Internet Addiction
Image credit: Bigstockphoto

Another issue that has become the norm for résumés is “simple speak” — being conversational about your experience, quantifying your accomplishments and results (known as measurable metrics, commonly referred to as “how much money will you make my company?”) as opposed to lists of job requirements and duties. Don’t try to make it sound fancy with overused buzzwords. Volpe’s advice is:

“Tell me what you’re doing and what you have done in a clear, concise manner — limit the business babble. No one wants to read about how you “leverage responsibilities to meaningfully impact the organization’s directional strategy.” Tell me what you marketed, sold or championed within your company and how it moved the needle — no gobbledygook required.”

Conclusion

While I suggest reading Volpe’s article, the comments are just as important. Many commenters do not agree and argue vehemently with his assertions. In fact, although he talks about the importance of a résumé free of typos, several commenters jumped on him for misspellings and wrong use of grammar in his article. Oops! I guess he wouldn’t hire himself.

One commenter responds:

“Really? You can’t find me when you Google my name? Maybe that’s because there are too many other people out there with the same name — interesting people like American folk singers and crazy photographer/nude therapists.”

Personally, having been in a position of hiring, I would look for hints at talent, realizing that creatives are not the best at expressing themselves in writing. It may be different for a job that deals exclusively in writing but when it comes to creative thought, it’s the portfolio that counts. Too often résumés are received by hiring managers or someone who does not deal with the creative process.

Selection
Image credit: Bigstockphoto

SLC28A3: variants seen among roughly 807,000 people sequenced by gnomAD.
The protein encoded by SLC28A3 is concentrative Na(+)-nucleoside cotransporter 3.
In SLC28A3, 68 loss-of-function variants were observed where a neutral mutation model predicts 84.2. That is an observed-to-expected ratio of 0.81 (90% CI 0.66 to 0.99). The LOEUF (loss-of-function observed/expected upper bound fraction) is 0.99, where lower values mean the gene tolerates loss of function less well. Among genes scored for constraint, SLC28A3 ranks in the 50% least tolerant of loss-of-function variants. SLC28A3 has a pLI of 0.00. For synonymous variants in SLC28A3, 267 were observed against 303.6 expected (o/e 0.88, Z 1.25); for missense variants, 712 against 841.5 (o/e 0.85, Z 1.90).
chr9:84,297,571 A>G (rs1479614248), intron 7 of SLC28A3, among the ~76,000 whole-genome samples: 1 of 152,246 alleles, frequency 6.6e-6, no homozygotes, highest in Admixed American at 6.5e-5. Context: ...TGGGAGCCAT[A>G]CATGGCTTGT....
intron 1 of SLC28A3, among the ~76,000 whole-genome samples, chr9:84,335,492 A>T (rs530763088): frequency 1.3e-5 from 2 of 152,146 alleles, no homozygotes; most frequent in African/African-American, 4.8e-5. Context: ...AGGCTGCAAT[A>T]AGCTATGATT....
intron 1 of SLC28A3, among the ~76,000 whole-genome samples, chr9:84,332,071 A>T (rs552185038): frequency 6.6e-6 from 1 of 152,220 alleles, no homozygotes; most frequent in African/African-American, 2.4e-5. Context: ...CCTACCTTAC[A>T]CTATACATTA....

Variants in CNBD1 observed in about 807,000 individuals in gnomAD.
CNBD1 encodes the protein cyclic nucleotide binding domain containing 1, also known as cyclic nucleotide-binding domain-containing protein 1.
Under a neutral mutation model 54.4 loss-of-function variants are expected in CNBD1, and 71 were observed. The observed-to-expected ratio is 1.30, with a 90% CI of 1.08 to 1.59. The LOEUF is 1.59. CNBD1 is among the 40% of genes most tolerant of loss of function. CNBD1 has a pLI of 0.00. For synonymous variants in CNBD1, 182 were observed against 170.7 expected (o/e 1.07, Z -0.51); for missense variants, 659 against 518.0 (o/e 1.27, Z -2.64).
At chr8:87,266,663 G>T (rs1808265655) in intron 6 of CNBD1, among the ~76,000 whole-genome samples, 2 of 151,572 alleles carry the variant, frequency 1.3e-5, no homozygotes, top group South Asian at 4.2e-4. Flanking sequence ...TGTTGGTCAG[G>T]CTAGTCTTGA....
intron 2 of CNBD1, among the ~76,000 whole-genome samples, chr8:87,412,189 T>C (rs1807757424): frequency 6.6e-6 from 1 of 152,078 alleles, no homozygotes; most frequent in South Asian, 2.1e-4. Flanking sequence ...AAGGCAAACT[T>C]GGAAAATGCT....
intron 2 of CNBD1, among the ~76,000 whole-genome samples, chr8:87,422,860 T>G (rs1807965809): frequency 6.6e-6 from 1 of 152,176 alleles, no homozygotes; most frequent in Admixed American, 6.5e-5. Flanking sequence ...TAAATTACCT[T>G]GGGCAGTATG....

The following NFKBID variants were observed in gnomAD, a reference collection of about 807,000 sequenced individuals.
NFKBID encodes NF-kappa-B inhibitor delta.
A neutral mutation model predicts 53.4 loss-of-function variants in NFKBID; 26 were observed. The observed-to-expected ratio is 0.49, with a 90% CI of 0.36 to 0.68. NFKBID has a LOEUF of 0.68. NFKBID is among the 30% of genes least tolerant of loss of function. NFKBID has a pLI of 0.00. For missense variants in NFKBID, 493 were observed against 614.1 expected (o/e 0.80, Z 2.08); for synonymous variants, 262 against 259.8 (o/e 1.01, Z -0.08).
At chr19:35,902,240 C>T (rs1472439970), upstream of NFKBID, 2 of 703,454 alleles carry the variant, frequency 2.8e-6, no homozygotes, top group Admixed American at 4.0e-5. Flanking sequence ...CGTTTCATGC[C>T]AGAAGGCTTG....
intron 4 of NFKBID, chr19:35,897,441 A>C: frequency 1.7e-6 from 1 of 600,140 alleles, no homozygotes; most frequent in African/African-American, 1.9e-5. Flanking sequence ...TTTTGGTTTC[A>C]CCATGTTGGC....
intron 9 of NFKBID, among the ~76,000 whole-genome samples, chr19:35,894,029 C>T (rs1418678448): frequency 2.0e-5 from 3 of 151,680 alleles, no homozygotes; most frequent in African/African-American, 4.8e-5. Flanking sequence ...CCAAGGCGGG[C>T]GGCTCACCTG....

While I don’t suggest seeking out a connection with the creative director when you are instructed to send your résumé to a hiring manager, it’s important for you to remember the points I’ve made. It’s not a world of unicorns that fart rainbows and piss fruit punch. There are douche bags in charge of hiring and no matter how incredible you might be, even if your résumé is tip-top and reads perfectly, there will be foolish reasons you are not considered.

They say looking for a job is a full-time job in itself. Don’t get depressed if you never hear back when applying for a job. 1,000 other people have applied and the most you can expect is a form reply, turning you down with a pat answer. While finding a job is tough and there are fewer positions for certain creative positions, keep trying because those who don’t want you may be the people whom YOU don’t want as employers and eventually you will find someone who sees your genius and will respect your abilities and talent. Isn’t it worth waiting for that job you will love and be excited to get to every morning?

As another commenter on Volpe’s article puts forth:

“I wouldn’t want to work for someone so shallow that he bases a hiring decision on someone’s LinkedIn photo, email address or number of tweets. Idiotic!”

Article source: http://feedproxy.google.com/~r/onextrapixel/~3/HgtO5YYAJAA/